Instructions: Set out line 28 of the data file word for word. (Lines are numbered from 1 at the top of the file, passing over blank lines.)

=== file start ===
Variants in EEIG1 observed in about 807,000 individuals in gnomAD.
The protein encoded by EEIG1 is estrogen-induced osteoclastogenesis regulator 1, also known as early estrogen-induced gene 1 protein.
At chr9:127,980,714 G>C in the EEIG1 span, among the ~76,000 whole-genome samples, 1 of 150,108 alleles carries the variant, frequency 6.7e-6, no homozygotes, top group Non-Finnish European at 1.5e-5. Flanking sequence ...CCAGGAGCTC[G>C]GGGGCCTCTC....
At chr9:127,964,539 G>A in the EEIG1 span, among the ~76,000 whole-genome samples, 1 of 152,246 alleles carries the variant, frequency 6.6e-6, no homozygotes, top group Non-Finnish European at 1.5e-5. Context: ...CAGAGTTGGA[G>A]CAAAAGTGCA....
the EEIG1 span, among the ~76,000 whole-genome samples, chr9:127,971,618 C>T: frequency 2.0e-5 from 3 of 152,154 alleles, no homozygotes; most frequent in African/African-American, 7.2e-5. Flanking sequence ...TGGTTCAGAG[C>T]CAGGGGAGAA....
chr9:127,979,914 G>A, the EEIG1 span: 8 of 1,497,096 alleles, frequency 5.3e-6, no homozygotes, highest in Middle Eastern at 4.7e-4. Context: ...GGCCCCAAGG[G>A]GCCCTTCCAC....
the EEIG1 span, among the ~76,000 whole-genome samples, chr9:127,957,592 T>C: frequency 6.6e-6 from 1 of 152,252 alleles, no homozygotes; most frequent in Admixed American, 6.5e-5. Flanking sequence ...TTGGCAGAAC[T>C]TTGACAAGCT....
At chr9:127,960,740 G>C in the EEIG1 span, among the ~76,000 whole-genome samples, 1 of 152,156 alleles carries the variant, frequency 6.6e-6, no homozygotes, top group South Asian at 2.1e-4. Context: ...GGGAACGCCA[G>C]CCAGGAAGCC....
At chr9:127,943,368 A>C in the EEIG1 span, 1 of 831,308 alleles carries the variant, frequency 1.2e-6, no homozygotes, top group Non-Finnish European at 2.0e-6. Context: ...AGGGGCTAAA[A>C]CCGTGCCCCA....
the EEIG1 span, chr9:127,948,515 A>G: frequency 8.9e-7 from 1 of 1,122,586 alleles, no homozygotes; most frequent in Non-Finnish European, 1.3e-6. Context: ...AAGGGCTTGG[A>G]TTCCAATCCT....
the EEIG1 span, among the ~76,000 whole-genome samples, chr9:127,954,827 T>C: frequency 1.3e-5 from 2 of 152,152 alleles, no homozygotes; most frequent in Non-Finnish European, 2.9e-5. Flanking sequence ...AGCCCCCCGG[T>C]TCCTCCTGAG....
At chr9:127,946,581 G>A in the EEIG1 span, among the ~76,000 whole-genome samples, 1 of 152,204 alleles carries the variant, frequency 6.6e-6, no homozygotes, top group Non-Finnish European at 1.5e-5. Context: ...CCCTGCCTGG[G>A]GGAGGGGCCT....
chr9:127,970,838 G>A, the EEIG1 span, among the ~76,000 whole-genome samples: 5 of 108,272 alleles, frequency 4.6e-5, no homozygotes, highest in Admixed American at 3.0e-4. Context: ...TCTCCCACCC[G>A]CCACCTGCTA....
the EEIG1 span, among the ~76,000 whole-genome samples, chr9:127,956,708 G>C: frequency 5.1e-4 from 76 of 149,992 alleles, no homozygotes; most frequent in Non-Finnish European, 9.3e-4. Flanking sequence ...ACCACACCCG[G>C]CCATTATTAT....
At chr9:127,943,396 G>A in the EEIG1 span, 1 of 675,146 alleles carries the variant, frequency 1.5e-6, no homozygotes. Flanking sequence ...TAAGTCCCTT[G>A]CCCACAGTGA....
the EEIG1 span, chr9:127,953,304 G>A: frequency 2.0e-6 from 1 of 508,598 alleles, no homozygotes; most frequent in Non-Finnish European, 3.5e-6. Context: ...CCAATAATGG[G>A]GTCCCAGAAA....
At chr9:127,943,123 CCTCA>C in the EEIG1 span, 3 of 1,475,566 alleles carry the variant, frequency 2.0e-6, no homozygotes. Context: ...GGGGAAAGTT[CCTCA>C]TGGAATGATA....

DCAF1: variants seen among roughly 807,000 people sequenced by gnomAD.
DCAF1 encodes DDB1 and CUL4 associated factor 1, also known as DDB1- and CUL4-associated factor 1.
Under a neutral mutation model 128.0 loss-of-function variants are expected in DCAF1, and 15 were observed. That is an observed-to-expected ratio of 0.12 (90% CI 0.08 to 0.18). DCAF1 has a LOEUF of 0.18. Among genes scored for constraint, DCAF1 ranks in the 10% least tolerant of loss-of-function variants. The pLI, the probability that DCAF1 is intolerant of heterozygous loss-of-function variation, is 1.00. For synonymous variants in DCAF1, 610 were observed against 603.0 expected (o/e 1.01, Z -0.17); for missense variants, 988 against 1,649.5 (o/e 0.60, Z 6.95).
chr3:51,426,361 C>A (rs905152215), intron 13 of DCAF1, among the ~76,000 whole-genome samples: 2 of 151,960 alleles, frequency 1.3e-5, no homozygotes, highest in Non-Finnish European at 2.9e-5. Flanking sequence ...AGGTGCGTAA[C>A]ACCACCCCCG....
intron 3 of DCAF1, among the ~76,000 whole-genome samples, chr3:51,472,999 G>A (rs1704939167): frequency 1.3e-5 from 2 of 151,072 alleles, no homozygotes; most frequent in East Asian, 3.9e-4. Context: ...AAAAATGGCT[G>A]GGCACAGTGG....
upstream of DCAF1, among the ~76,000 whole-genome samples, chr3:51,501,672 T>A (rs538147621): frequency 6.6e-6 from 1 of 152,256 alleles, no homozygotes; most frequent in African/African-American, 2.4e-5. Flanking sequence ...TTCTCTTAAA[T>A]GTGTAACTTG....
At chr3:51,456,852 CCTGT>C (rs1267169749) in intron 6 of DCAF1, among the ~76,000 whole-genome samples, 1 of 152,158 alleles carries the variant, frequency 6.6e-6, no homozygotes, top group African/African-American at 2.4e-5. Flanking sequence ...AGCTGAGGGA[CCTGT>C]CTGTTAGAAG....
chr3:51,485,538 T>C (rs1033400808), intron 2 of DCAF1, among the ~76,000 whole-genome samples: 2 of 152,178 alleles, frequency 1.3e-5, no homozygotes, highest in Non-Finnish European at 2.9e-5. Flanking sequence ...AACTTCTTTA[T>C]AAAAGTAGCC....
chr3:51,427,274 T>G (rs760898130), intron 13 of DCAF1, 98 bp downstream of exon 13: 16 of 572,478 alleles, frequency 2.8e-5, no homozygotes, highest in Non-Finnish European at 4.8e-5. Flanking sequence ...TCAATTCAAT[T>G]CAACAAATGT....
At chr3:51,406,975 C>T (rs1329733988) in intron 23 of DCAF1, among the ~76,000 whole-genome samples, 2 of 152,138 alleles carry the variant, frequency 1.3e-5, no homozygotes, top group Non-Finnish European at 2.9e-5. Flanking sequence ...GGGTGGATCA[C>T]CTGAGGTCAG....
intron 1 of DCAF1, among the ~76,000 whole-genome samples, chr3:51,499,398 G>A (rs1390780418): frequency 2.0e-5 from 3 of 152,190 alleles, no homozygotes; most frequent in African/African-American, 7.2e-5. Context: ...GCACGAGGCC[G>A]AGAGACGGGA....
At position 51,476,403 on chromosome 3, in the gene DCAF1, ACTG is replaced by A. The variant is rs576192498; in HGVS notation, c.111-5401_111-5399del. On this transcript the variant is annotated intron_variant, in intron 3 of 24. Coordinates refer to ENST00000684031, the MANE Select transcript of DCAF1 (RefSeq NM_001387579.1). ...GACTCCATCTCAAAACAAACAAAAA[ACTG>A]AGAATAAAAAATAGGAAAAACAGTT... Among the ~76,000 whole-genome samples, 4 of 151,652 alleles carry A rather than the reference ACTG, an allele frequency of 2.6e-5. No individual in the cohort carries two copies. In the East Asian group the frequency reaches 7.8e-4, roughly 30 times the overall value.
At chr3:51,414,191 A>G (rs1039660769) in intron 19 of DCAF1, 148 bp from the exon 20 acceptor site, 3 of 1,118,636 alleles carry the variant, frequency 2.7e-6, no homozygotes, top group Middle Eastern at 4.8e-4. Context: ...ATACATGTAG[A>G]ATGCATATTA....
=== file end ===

intron 1 of DCAF1, among the ~76,000 whole-genome samples, chr3:51,499,398 G>A (rs1390780418): frequency 2.0e-5 from 3 of 152,190 alleles, no homozygotes; most frequent in African/African-American, 7.2e-5. Context: ...GCACGAGGCC[G>A]AGAGACGGGA....